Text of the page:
United States v. Napoli, CRIMINAL ACTION NO. 07-75-1

CourtUnited States District Courts. 3th Circuit. United States District Court (Eastern District of Pennsylvania)
Writing for the CourtBartle
Docket NumberCRIMINAL ACTION NO. 07-75-1,CIVIL ACTION NO. 11-6353
Decision Date26 September 2012




September 26, 2012


Bartle, J.

Before the court is the timely pro se motion of defendant John Napoli ("Napoli") to vacate, set aside, or correct his sentence under 28 U.S.C. § 2255.

Napoli was found guilty by a jury on October 4, 2007 of conspiracy to distribute methamphetamine, in violation of 21 U.S.C. §§ 841(a)(1), (b)(1)(A) and 846 (Count I); two counts of violent crimes in aid of racketeering ("VICAR") in violation of 18 U.S.C. § 1959(a)(3) (Counts II and IV); collection of credit by extortionate means, in violation of 18 U.S.C. § 894 (Count V); one count of possession of a firearm and ammunition by a convicted felon, in violation of 18 U.S.C. § 922(g)(1) (Count IX); two counts of possession of a firearm by a convicted felon, in violation of 18 U.S.C. § 922(g)(1) (Counts X and XI); and unlawful possession of a machine gun, in violation of 18 U.S.C. § 922(o) (Count XII). The jury acquitted Napoli of one VICAR count (Count III). In responses to a special interrogatory, the jury determined that Napoli conspired to distribute over 500 grams of crystal methamphetamine. Napoli was sentenced on

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April 16, 2008 to a term of 432 months of incarceration.1 The Court of Appeals for the Third Circuit affirmed the judgment and sentence on April 21, 2010. See United States v. Heilman, 377 F. App'x 157, 165 (3d Cir. 2010). It issued its mandate on May 19, 2010.

Napoli now alleges in his § 2255 motion that he was deprived of his Sixth Amendment right to effective assistance of counsel through a series of errors made by his attorneys during the trial and sentencing. On May 18, 2012 and August 7, 2012, the court held an evidentiary hearing limited to the issue of whether Napoli's trial counsel failed to call certain witnesses on Napoli's behalf.


The underlying facts, in the light most favorable to the government, are as follows. Between January 2003 and June 2006, Napoli organized and led a racketeering enterprise, known as the Pennsylvania Chapter of the Breed Motorcycle Gang ("Breed"). This organization, located in Bristol, Pennsylvania, was a hierarchical motorcycle gang with a strict authoritarian leadership. As president of the Breed chapter, Napoli had the ultimate authority over the Breed enterprise. The Breed gang trafficked 125 pounds of crystal methamphetamine over that three-year period.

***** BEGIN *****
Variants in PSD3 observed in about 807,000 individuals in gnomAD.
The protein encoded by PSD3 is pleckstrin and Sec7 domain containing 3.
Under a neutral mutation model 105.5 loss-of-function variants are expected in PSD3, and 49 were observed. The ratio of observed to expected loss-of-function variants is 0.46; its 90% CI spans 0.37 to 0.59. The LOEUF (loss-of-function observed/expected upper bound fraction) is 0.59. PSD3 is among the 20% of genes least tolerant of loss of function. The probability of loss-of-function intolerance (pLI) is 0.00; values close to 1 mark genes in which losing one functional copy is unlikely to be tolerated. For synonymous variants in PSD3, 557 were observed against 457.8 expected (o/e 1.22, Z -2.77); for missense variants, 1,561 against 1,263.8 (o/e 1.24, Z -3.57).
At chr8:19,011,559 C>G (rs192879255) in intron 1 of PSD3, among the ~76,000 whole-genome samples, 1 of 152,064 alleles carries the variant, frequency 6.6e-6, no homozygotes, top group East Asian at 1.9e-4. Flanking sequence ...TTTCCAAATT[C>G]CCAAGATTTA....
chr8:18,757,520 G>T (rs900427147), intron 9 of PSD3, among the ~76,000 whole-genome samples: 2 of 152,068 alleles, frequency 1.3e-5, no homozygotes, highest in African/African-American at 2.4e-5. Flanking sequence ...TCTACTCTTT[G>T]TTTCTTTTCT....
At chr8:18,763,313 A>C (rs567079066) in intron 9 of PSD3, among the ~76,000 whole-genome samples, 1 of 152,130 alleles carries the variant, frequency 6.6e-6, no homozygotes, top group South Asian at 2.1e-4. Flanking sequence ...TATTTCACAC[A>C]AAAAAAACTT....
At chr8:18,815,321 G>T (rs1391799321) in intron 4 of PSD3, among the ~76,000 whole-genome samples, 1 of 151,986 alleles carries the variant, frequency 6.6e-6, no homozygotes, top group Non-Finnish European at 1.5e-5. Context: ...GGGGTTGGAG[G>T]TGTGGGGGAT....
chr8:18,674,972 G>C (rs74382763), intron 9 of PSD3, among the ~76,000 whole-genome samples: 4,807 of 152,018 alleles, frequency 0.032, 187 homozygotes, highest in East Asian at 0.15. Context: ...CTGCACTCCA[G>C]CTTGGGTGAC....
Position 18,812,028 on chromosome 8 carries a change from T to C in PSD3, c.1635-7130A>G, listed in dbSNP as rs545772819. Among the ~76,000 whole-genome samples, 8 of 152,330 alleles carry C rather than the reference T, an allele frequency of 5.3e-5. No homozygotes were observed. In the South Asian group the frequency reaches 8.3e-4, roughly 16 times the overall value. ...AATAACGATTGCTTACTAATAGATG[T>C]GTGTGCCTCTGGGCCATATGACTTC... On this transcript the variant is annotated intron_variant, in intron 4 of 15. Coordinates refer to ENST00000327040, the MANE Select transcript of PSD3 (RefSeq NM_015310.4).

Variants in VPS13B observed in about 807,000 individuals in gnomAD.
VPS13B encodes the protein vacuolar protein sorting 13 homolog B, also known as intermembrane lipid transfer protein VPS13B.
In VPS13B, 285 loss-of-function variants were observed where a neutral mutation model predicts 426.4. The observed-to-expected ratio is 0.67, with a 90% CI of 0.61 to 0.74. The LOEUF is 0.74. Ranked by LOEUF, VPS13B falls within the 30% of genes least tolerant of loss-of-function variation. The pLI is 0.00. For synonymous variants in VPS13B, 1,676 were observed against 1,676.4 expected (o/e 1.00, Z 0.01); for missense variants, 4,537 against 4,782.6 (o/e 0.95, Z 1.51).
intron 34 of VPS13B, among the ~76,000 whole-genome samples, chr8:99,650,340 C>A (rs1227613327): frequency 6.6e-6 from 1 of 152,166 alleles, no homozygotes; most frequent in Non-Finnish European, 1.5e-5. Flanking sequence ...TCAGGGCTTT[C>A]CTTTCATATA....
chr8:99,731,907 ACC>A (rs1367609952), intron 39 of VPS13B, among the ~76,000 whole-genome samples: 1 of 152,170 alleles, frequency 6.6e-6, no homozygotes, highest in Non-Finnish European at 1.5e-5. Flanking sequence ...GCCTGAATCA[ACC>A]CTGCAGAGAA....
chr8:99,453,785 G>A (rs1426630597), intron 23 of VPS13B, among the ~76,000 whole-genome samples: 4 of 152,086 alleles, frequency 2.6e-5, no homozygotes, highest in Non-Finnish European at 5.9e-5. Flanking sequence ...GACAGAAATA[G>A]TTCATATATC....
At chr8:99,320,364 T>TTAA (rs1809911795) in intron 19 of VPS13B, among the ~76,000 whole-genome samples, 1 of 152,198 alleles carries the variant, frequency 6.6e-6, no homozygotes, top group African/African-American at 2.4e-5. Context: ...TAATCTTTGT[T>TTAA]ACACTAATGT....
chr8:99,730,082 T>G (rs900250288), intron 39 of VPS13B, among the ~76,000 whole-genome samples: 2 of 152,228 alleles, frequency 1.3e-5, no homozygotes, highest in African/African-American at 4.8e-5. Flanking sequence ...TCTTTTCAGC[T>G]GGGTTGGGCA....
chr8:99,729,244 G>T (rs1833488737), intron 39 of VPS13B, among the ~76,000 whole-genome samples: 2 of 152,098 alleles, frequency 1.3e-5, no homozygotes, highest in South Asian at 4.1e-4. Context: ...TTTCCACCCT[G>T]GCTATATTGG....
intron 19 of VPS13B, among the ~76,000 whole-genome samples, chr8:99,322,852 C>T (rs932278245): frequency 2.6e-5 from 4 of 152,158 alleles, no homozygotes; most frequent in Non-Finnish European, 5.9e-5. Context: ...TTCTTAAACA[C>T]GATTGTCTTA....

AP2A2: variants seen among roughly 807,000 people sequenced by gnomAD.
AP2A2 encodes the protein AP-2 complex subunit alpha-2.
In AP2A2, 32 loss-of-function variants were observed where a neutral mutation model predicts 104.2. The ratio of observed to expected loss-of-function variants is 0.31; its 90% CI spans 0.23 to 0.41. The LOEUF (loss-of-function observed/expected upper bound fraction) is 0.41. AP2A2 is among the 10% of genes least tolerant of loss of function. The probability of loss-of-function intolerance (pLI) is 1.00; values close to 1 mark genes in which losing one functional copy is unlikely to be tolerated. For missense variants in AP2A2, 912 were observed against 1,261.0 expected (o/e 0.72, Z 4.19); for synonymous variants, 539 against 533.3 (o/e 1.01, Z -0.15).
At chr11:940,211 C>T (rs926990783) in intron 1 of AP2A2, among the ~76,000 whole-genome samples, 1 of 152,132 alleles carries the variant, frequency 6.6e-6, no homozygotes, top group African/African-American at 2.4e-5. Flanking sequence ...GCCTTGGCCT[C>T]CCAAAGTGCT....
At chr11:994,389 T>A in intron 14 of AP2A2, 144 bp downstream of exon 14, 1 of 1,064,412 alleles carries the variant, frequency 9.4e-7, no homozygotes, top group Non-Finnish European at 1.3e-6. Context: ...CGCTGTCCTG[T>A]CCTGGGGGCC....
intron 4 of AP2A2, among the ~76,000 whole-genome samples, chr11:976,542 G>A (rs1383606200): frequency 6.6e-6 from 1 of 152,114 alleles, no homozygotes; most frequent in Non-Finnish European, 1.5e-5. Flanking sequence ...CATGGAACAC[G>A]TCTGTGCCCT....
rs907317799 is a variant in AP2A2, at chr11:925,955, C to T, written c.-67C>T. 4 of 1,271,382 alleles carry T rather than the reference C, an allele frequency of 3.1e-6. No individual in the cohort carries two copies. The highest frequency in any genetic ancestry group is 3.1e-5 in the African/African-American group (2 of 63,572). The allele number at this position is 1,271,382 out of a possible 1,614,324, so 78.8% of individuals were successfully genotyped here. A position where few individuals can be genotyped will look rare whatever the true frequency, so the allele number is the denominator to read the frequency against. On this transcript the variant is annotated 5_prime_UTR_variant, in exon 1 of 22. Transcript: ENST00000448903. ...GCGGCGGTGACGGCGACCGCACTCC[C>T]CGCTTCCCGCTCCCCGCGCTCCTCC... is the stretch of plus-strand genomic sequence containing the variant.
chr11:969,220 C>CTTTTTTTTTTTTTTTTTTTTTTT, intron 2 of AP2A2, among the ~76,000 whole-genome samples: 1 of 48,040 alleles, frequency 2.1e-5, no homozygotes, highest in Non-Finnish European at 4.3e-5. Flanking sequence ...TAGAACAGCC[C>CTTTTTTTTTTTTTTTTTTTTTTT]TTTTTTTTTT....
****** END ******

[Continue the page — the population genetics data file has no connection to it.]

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From approximately March 2006 through June 2006, co-defendant William Johnson ("Johnson") became the principal supplier of methamphetamine to the Breed gang. Napoli directed that the methamphetamine from Johnson be distributed to numerous mid-level distributors inside the Breed gang.

Within the Breed gang, violence was frequently used to ensure loyalty and compliance with orders from leadership. A former Breed member, Christopher Quattrocchi ("Quattrocchi"), testified that in March 2003 Napoli and others participated in beating Thomas "Schnozz" Burke ("Burke") at Napoli's residence. Burke was a prospective member of the Breed, who several Breed members did not trust. During the same evening, Burke urinated on the dining room wall of Napoli's home. Napoli took out a drill with a Phillips head attachment and screwed it into Burke's arm. Napoli later brutally beat Burke. After the beating, Burke fell asleep while still wearing his Breed colors. Quattrocchi testified that Napoli tried to set Burke on fire pursuant to a Breed tradition of setting on fire anyone who falls asleep wearing Breed colors, but Quattrocchi dissuaded Napoli from doing so because they were inside Napoli's residence. Burke sustained a fractured eye-socket and facial bone, among other injuries.

On November 24, 2005, Napoli, Johnson, and Quattrocchi, along with other Breed members, brutally beat past Breed president James Graber based on Napoli's belief that Graber had stolen money from a game machine in the gang's clubhouse. This organized assault and battery was formally approved by the "Breed

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Executive Board" a week in advance. The beating resulted in Graber spending four days in the intensive care unit of the hospital with damage to his back, head, liver, and spleen.

The government also produced evidence that Napoli stabbed a local bar patron in a fight when a bartender asked Breed members to leave a bar because the owners prohibited patrons from wearing motorcycle colors in their establishment.

As a result of the investigation of the Breed gang by the Pennsylvania State Police, the Pennsylvania Attorney General sought and obtained wiretaps for a phone used by Napoli. The wiretap was authorized on May 3, 2006 and a thirty-day extension was signed on June 2, 2006.